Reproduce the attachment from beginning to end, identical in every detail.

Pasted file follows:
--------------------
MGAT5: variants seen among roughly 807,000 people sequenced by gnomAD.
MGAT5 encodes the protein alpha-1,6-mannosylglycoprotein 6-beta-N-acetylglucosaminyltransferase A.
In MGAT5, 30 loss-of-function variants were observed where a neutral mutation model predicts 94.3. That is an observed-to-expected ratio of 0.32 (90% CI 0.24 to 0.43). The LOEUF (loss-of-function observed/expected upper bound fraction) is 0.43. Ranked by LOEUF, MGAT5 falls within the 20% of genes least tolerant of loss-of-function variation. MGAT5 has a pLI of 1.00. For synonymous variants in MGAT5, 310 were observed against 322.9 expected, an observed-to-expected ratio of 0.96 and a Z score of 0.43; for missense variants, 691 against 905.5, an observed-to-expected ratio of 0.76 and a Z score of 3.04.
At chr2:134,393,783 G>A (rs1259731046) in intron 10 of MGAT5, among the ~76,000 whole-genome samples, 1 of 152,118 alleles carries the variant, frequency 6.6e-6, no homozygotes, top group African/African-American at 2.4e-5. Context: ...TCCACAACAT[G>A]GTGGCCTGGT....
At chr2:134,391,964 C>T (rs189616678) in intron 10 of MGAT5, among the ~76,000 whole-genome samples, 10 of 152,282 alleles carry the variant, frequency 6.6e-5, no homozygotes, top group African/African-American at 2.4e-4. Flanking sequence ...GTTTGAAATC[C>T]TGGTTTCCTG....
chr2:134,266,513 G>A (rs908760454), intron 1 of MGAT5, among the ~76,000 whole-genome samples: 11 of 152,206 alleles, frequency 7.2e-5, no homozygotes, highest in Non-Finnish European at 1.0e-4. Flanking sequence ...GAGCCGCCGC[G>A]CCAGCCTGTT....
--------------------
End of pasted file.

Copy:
MGAT5: variants seen among roughly 807,000 people sequenced by gnomAD.
MGAT5 encodes the protein alpha-1,6-mannosylglycoprotein 6-beta-N-acetylglucosaminyltransferase A.
In MGAT5, 30 loss-of-function variants were observed where a neutral mutation model predicts 94.3. That is an observed-to-expected ratio of 0.32 (90% CI 0.24 to 0.43). The LOEUF (loss-of-function observed/expected upper bound fraction) is 0.43. Ranked by LOEUF, MGAT5 falls within the 20% of genes least tolerant of loss-of-function variation. MGAT5 has a pLI of 1.00. For synonymous variants in MGAT5, 310 were observed against 322.9 expected, an observed-to-expected ratio of 0.96 and a Z score of 0.43; for missense variants, 691 against 905.5, an observed-to-expected ratio of 0.76 and a Z score of 3.04.
At chr2:134,393,783 G>A (rs1259731046) in intron 10 of MGAT5, among the ~76,000 whole-genome samples, 1 of 152,118 alleles carries the variant, frequency 6.6e-6, no homozygotes, top group African/African-American at 2.4e-5. Context: ...TCCACAACAT[G>A]GTGGCCTGGT....
At chr2:134,391,964 C>T (rs189616678) in intron 10 of MGAT5, among the ~76,000 whole-genome samples, 10 of 152,282 alleles carry the variant, frequency 6.6e-5, no homozygotes, top group African/African-American at 2.4e-4. Flanking sequence ...GTTTGAAATC[C>T]TGGTTTCCTG....
chr2:134,266,513 G>A (rs908760454), intron 1 of MGAT5, among the ~76,000 whole-genome samples: 11 of 152,206 alleles, frequency 7.2e-5, no homozygotes, highest in Non-Finnish European at 1.0e-4. Flanking sequence ...GAGCCGCCGC[G>A]CCAGCCTGTT....